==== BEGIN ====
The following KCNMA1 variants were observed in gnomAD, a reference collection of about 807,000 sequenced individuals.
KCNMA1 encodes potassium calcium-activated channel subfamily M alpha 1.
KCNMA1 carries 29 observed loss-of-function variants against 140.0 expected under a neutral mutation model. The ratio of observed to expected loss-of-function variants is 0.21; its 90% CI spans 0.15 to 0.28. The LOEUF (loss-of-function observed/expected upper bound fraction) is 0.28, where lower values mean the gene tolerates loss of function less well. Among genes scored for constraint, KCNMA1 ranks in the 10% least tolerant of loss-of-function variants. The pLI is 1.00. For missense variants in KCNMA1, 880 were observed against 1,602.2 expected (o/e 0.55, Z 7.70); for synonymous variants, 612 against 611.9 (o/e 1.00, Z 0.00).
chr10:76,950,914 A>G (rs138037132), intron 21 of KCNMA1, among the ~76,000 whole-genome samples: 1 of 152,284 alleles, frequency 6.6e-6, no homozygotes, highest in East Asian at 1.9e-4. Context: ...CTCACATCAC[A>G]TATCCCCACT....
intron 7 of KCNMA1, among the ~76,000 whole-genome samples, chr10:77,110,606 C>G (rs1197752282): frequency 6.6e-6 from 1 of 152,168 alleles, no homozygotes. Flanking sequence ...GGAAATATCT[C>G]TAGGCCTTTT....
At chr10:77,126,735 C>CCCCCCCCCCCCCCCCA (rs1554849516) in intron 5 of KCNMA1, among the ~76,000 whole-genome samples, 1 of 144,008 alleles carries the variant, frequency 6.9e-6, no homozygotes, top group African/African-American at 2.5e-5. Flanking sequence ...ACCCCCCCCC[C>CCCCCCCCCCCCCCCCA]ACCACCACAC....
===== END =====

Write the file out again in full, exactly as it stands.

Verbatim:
The following KCNMA1 variants were observed in gnomAD, a reference collection of about 807,000 sequenced individuals.
KCNMA1 encodes potassium calcium-activated channel subfamily M alpha 1.
KCNMA1 carries 29 observed loss-of-function variants against 140.0 expected under a neutral mutation model. The ratio of observed to expected loss-of-function variants is 0.21; its 90% CI spans 0.15 to 0.28. The LOEUF (loss-of-function observed/expected upper bound fraction) is 0.28, where lower values mean the gene tolerates loss of function less well. Among genes scored for constraint, KCNMA1 ranks in the 10% least tolerant of loss-of-function variants. The pLI is 1.00. For missense variants in KCNMA1, 880 were observed against 1,602.2 expected (o/e 0.55, Z 7.70); for synonymous variants, 612 against 611.9 (o/e 1.00, Z 0.00).
chr10:76,950,914 A>G (rs138037132), intron 21 of KCNMA1, among the ~76,000 whole-genome samples: 1 of 152,284 alleles, frequency 6.6e-6, no homozygotes, highest in East Asian at 1.9e-4. Context: ...CTCACATCAC[A>G]TATCCCCACT....
intron 7 of KCNMA1, among the ~76,000 whole-genome samples, chr10:77,110,606 C>G (rs1197752282): frequency 6.6e-6 from 1 of 152,168 alleles, no homozygotes. Flanking sequence ...GGAAATATCT[C>G]TAGGCCTTTT....
At chr10:77,126,735 C>CCCCCCCCCCCCCCCCA (rs1554849516) in intron 5 of KCNMA1, among the ~76,000 whole-genome samples, 1 of 144,008 alleles carries the variant, frequency 6.9e-6, no homozygotes, top group African/African-American at 2.5e-5. Flanking sequence ...ACCCCCCCCC[C>CCCCCCCCCCCCCCCCA]ACCACCACAC....